Galesburg Register-Mail from Galesburg, Illinois on April 26, 1973 · Page 1
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Galesburg Register-Mail from Galesburg, Illinois · Page 1

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Thursday, April 26, 1973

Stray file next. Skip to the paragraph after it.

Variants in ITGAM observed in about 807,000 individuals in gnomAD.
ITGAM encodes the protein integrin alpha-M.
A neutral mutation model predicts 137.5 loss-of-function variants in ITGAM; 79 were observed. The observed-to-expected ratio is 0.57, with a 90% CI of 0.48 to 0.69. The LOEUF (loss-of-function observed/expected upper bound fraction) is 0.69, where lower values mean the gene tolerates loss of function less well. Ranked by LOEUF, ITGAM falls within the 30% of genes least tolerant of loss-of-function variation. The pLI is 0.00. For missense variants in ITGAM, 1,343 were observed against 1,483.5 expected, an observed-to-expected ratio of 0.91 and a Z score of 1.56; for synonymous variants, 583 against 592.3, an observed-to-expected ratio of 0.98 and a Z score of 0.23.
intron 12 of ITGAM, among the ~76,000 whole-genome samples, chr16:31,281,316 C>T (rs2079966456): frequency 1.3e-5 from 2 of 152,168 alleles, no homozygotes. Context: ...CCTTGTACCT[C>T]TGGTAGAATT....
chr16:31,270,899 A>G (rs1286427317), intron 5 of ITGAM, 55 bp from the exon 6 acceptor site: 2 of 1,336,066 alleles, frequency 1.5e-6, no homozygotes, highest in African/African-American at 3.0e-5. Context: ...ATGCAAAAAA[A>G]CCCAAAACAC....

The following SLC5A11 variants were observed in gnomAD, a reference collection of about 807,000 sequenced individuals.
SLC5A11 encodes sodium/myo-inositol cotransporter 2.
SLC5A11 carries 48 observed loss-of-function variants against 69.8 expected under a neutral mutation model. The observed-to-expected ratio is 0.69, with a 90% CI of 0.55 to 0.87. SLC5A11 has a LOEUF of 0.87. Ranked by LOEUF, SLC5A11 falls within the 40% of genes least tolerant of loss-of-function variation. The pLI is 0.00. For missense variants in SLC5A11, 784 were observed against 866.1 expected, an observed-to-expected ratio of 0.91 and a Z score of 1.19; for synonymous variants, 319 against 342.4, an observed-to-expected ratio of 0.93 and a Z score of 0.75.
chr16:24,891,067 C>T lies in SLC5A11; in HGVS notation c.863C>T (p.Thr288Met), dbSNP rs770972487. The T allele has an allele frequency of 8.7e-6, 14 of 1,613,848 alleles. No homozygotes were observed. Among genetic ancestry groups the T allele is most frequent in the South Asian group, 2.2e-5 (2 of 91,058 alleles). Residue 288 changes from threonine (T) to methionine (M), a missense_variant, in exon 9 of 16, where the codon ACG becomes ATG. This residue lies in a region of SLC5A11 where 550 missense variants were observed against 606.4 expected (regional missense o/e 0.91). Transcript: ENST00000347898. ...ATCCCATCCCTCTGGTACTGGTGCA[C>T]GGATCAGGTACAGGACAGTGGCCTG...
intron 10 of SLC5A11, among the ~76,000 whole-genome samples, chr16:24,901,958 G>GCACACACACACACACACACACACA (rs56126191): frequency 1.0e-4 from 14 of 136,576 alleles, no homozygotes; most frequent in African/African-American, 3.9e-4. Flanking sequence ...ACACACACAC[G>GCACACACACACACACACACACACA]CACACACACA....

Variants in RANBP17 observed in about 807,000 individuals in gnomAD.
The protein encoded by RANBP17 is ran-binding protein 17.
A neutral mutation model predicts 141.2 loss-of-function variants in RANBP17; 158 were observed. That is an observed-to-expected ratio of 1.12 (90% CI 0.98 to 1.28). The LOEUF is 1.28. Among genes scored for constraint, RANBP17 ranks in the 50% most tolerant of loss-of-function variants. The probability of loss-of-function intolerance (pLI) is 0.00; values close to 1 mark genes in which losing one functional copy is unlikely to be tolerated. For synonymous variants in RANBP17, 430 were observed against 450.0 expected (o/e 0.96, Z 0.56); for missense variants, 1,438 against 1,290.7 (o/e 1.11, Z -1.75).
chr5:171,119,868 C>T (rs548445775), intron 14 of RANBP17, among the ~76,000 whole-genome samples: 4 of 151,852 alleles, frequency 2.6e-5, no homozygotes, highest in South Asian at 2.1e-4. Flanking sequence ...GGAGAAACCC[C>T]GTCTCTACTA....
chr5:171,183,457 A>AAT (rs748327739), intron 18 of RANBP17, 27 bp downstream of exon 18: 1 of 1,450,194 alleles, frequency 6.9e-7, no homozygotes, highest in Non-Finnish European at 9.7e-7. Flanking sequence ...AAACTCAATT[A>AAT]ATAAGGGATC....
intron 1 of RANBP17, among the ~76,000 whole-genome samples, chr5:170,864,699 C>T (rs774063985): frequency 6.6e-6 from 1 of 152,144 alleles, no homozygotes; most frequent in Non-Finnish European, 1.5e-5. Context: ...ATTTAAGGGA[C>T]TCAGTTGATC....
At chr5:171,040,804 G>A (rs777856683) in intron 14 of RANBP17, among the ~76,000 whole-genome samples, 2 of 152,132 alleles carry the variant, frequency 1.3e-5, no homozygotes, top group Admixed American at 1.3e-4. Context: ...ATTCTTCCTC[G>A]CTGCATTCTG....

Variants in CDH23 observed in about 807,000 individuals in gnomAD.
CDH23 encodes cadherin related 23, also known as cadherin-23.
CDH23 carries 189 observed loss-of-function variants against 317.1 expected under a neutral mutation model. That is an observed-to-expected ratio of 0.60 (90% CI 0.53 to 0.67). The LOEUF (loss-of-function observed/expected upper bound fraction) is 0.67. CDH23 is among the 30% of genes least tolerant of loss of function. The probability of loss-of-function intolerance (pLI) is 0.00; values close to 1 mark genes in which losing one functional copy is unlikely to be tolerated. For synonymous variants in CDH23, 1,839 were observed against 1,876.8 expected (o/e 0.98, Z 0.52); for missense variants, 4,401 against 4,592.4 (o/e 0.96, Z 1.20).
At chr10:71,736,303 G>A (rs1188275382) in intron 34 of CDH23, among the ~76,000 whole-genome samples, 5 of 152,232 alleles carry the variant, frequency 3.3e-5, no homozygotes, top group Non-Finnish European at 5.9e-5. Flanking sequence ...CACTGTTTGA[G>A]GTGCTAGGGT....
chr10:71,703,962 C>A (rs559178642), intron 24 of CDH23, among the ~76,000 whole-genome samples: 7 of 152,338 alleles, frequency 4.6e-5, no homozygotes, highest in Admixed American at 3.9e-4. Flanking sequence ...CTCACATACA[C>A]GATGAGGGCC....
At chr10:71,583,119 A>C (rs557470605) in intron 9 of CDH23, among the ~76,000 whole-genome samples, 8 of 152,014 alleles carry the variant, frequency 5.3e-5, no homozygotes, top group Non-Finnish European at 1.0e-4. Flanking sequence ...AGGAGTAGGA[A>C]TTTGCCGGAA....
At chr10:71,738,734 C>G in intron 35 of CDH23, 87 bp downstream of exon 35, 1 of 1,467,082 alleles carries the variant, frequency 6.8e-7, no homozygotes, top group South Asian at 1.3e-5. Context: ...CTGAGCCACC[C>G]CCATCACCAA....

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1,.. -V • :i- 'V.' Home PipK of 19 CottUBUnltiei Cloudy Tonight Lo#40's Partly Cloudy Friday HighSihW VOLUME LXXXII — 99 GALESBURG, ILL 61401 ^ THURSDAY, APRIL 26, 1973 PRICE TEN CENTS Dean Implicates Top Aides In Hush-Up of Watergate Colamoiit Jaek Anderson WASHINGTON (UPlJ - John W. Dean, White House legal counsel, gave federal prosetiu* tors information two weeks ago suggOsUng thM both H ;R. Haldeman and Jdui D. Eairlich* man knew of dforts to cover up the Watergate bugging, columnist Jack Andersm said today. Dean "made accusations" against the two top assistants to President Nixon after being confronted by Ehrlichman with allegations that Dean knew of the bugging and tiien tried to cover it up, Anderson wrote in his column. Principal Assistant U.S. Attorney Earl J. Silbert, who prosecuted seven men previously indicted in the case, refused a request by Dean for j immunity from prosecution, Anderson said. Anderson said that Dean also made accusations about former Attorney General John N. Mitchell and Jeb S. Magruder, the director and deputy director of the 1972 NiXon re-election organization, and that Magruder was called in by the prosecutors and told of Dean's charges. 'This broke down Magruder who also confessed his role in the conspiracy," Anderson wrote. Secret Source Anderson did not identify the source of his information. He today stopped use of testimony given to the Watergate grand jury after saying the prosecutors convinced him the publication of the secret material was. hampering their investigation. Anderson has refused to divulge his source for the verbatim transcripts of the testimony and federal judges ordered an investigation of the leak. In today's column, Anderson said Dean went to the prosecutors April 14 after he "put together some documents he had been savbig, which indicated both H.R. Haldeman and John Ehrlichman had knowledge of the Watergate cover-up." Anderson said Dean's action came a day after Ehrlichman confronted Dean with "information that (1) Dean had advance knowledge of the Watergate bugging; (2) Dean had ordered Hunt (E. Howard Hunt, who subsequently pleaded guilty as a conspirator) out of the country; and (3) Dean had authorized payments to the Watergate conspirators to keep their mouths shut." Faith Wavered Nixon originally assigned Dean to investigate whether any White House aides had a part in the Watergate plot. Anderson said that by mid- March, "the President's faith in Dean began to waver" and he instructed him to go to Camp David and prepare a written report on his investigation. "After a few days at the presidential retreat, Dean reported back to the President that he simply couldn't write a report," Anderson wrote. "Angrily Mr. Nixon took Dean off the Watergate case." It was learned that the Nixon campaign spent at least $8,400 in 1972 to give a "distorted" impression that the American people supported the mining of Haiphong harbor in May. The expenditures were authorized Agnew Keeping the Faith 1 jplijl VicePresidlnr^ew WASHINGTON (UPI) - Vice President Spiro T. Agnew has disavowed published reports that he was displeased with White House handling of the Watergate case. He expressed "full confidence" in President Nixon's determination to resolve the scandal. "Recently I have noticed a number of reports that unnamed 'associates' and 'ad- V i s e r s' of mine have commented about my reaction to the Watergate matter," Agnew said. "Let me emphasize that I do not speak through such unidentified sources. When-^ever I have sonwthing to say, ; 1 will say it directly-^just as I am doing now." ^ Agnew made the remarks in a two-minute television statement Wednesday—his first public comment on the case. Some Nixon aides criticized Agnew for what they saw as a self-serving publicity effort after the Los Angeles Times April 13 quoted an unnamed Agnew associate as saying the vice president was displeased with the handling of the Watergate case. The Los Angeles Times said today it "stands behind that story." "At the outset, I want to make it very clear that I have full confidence in the integrity of President NixoA and in his determination and ability to resolve the Watergate matter to the full satisfaction of the American people," Agnew said. He said much of the Watergate case is still "rumor, hearsay, grand jury leaks, speculation and statements from undisclosed sources." "It is entirely possible," Agnew said, "that some of this may be proven later to be accurate and if it is, it must be confronted forthrightiy at, that time. But the problem is that presently it is virtually impossible to separate fact from fiction." He said Republican office holders from the President on down are under pressure to say something "if only to make certain that the public understands that one does not condone illegal conduct." ^... • President Searches for Haldeman Resignation Expected WASHINGTON (UPI) President Nixon is "sorting out" the impact of the Watergate scandal on the White House and moving toward decisions on a major overhaul of his staff, informed administration sources said today. They said the President was searching for answers and consulting former high government officials on what many now regard as the worst crisis of his presidency. Speculation centered on possible dismissal or resignation of H. R. Haldeman, Nixon's chief of staff, who has been the power centet" of the White House for the past four years under Nixon's authority. Sources said they expected Haldeman, who has incurred more enemies than friends in this job, to turn in his resignation as a result of the Watergate case. Press Secretary Ronald L. Ziegler, however, played down any significance in the fact that Haldeman no longer presides at early morning meetings with top presidential staffers. The practice was abandoned a couple of weeks ago. Ziegler insisted "no resignations" have been submitted to the President. He-said there "is no change" in the status of the staff. He has refused to say whether resignations were requested by Nixon. Haldeman was expected to fly to Meridian, Miss., Friday with Nixon to dedicate a More West Point Cheating - WEST POINT, NY. (UPI) Two more cadets at the U.S. Military Academy have been found guilty of cheating in their studies, the academy^ said Wednesday. That brought to 11 the number of cadets involved in West Point's latest cheating scandal. A spokesman for the academy said the Cadet Honor Committee has recommended dismissal for all 11 cadets who violated the 51-year-«ld honor code instituted by Gen. Douglas MacArthur. Five of the cadets involved have appealed their cases to a review board of officers. None of the cadets so far has been identified and none has resigned. Where to Find It 4 SECTIONS Abingdon r- 27 Amusement 6 Bushneli - 9 Business News ^- 10 Classified Ads . 36-37-38-39 Comics-Radio ......... 28 Editorial ............ 4 Galva 9 40 PAGES Hospital Notes 11 Knoxviile 27 Markets ...... 30 Monmouth 29 Obitulary 11 Sports -33-34 Weather 2 Women in the News 13-14-15 training complex at the Naval Air Base there in honor of Sen. John Stennis, D-Miss, chairman of the Senate Armed Services Committee, who is recovering from bullet wounds received in a holdup. Ziegler declined to identify a secret visitor who met with Nixon at the Florida White House over the Easter holidays. But apparently the mystery guest was only one of many friends with whom Nixon is now seeking counsel. . Ziegler, though his credibility has been called into question as a result of 10 months of steady denials of White House involvement in the Watergate case, plans to remain in his job. Reporters still have not been Me to pinpoint when Nixon first learned of possible involvement of his high level aides in the Watergate bugging and the subsequent cover-up. However, Ziegler denied that Nixon was warned in August, 1972, of the dimensions of the still unfolding scandal. "Any suggestion that the President had knowledge or was warned at that time is not correct," Ziegler said. He explained Nixon's failure to recognize the proportion of the scandal on grounds that the President was preoccupied with summit planning and Vietnam negotiations throughout most of last year. Nixon remained out of the public eye Wednesday. He presumably was occupied with Watergate matters. At the White House, the nation's business was proceeding at a slow pace as new developments were awaited. Sign setys it all. Stories on page 3, 'Eat Spaghetti, Not Horses' OAKLYN, N.J. (UPI) Leone's Meat Market had a successful opening day Wednesday selling equine steaks and chops, despite a group of protesters who rode their horses outside the shop. "It's an indication of moral degradation," said protest organizer Ken Carver of Westmont, as he reined his stallion outside the market. "It's a sickening practice." While some of the 40 demonstrators, some with 'horses, called out, "Eat spaghetti, not horses," co - owner James Leone and three workers handled a steady stream of customers intent on buying a variety of chuck and cube steaks and sirloin and T-bones I at prices advertised as cheaper I than similar beef cuts. "I'm offering customers a service," said Leone as he carried a slab of horsemeat from a refrigerated truck parked outside into the recently converted pizza parlor. The meat, purchased from Plainfield Packing Co., of Plainfield, Conn., is certified for human consumption. Leone estimated that as long as beef prices remain high, he may be able to sell as much as 30,000 pounds of horsemeat a week. "I might as well try it," said customer William Gould as he carried home a shopping bag of 23 pounds of horsemeat costing $20. "There isn't any reason why it shouldn't taste good." (Continued on page 35) Welfare Cuts Take Effect On July First WASHINGTON (UPI) - The administration announced today final regulations on federally financed welfare services that drastically reduce federal participation in day care, mentally retarded and other social services for welfare recipients. Most of the new federal regulations take effect July 1. "Today I am announcing our final regulattons governing social services, a series of programs developed to get {amilies oft the welfare rolls and oh to the job rolls and keep them there," Secretary Caspar W. Wemberger of the Department of Health, Education and Welfare told a news conference. The final rules represented minor concessions to critics of administration proposals fu-st published Feb. 16 for services to children, poor families, the aged, handicapped and other needy persons. Weinberger denied that the original proposal would have reduced the amount of day care programs available to needy families. "These regulations will provide more, and not less, child day care for these families," Weinberger said. "These regulations will not force any low income family back onto welfare because of child day care expenses," he added in response to another frequent charge from critics of the proposal. Weinberger said the regulations "carry out both the Intent of the Congress and the directions of the President that federally supported social service programs shall be focused directly on those most in need." Other changes from the proposal will continue some aid for mentally retarded children that would have been eUmi- nated; allow states to continue using, "with certain safeguards," private donated funds as part of the local matching funds necessary to get federal aid, and liberalize slightly the income levels persons must have to be eligible for services. Airport Shelle d, Government Troops Gassed in Cambodia PHNOM PENH (UPI) Cambodian Communist gunners attacked the Phnom Penh airport with rockets early Joday, killing 21 persons and wounding 62 others. At the same time, the high command said rebel troops had used toxic gas against government troops Wednesday in fighting 21 miles below Phnom Penh. Cambodian troops using navy landing ships made an amphibious assault against the Mekong River from Phnom Penh late today to try to ease the threat to the capital from the rebels who brought then- offensive to within two miles of the heart of Phnom Penh. The rebels were reported in control of a three- mile stretch of land opposite the capital. Heavy ground fighting was reported in areas six, nine and 11 miles from Phnom Penh as the (Communists slowly tried to close a noose on the city. The military situation was reported as "critical" in some of these outer defense areas. U.S. fighter-bombers and B52s heavily bomfcted the Communist-held area Wednesday and again this morning in the 50;h consecutive day of such attacks while thousands of Phnom Penh residents watched from the river bank. The bombing ceased in the afternoon as about 180 government troops crossed the river from Phnom Penh and hundreds of refugees fled to the city in a fleet of sampans to escape the expected ground fighting. Western diplomatic sources expressed concern during the day over the presence of rebels virtually within sight of Phnom Penh,' although refugees said the infiltrators were in bands of as few as 10 men. A high command spokesmen said the Communist use of poison gas came Wednesday when they fired "toxic gas shells" at government forces at Koki Thorn, on Highway 1 about 21 miles southeast of Phnom Penh. The command said at least 50 government troops "were affected by the gas." Refugees said some of the Conununist rebel troops opposite Plmom Penh were wearing green fatigue uniforms with red scarves and Ho Chi Minh sandals made from old automobile tires. Some simply took over the homes of villagers and drove them away, the refugees said. An American OVIO "Bronco" armed reconnaissance plane fired white phosphorous shells into suspected rebel positions during the afternoon but no other air strikes could be seen as dusk fell on the capital. Heavy fighting flared Wednesday night around Cambodian positions at Prek Tapao, 11 miles south of Phnom Penh, other field reports said. Rebel troops launched at least three assaults on government units within 300 yards of the Highway 21 town and the situation was termed "critical." Military sources meanwhile reported that rebel activity around the province capital of Taiceo, 05 miles south of Phnom Penh, had become so critical that helicopters were unable to land there today. The sources said fighting had spread almost to the city itself and heavy American air strikes, including B52 bomber raids, were continuing around the encu-cled province capital. The Cambodian high conunand in Phnom Penh descrit>ed fighting around Takeo as "violent." Commercial airlines Thursday overflew Phnom Penh, apparently because of the overnight barrage of rockets fired into and around Pochen- tong airport. It was the first such attack on Pochentong since Jan 4. Only minor damage resulted at the airfield itself with most of the casualties civilians living in two nearby villages. Most of the shells struck two villages about 100 yards from the nulitary side of the aurfield, destroying at least eight shanty-like dwellings near a crowded market place that serves the two hamlets. An entire family of eight was killed when one of the rockets made a direct hit on a shanty. Bodies covered with white sheets lay in front of the ruined shacks. One victim was a schoolboy whose books and pencils were scattered next to his body.